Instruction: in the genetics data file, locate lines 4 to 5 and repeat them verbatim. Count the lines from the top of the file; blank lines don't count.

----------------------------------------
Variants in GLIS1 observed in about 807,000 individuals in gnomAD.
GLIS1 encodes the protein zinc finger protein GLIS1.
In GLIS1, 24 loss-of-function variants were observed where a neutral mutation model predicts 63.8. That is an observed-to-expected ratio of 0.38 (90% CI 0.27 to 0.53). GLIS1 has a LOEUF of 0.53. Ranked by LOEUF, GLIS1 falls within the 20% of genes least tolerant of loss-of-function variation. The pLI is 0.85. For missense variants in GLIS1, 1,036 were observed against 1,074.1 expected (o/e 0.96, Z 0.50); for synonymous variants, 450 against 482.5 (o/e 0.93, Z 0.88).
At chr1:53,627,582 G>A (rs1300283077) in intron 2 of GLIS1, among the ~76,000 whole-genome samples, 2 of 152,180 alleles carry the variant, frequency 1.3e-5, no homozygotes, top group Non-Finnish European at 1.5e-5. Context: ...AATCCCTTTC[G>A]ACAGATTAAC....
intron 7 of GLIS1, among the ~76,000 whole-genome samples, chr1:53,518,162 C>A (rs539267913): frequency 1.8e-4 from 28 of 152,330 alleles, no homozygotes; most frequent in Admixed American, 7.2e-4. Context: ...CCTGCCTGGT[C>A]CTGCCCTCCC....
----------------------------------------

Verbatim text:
At chr1:53,627,582 G>A (rs1300283077) in intron 2 of GLIS1, among the ~76,000 whole-genome samples, 2 of 152,180 alleles carry the variant, frequency 1.3e-5, no homozygotes, top group Non-Finnish European at 1.5e-5. Context: ...AATCCCTTTC[G>A]ACAGATTAAC....
intron 7 of GLIS1, among the ~76,000 whole-genome samples, chr1:53,518,162 C>A (rs539267913): frequency 1.8e-4 from 28 of 152,330 alleles, no homozygotes; most frequent in Admixed American, 7.2e-4. Context: ...CCTGCCTGGT[C>A]CTGCCCTCCC....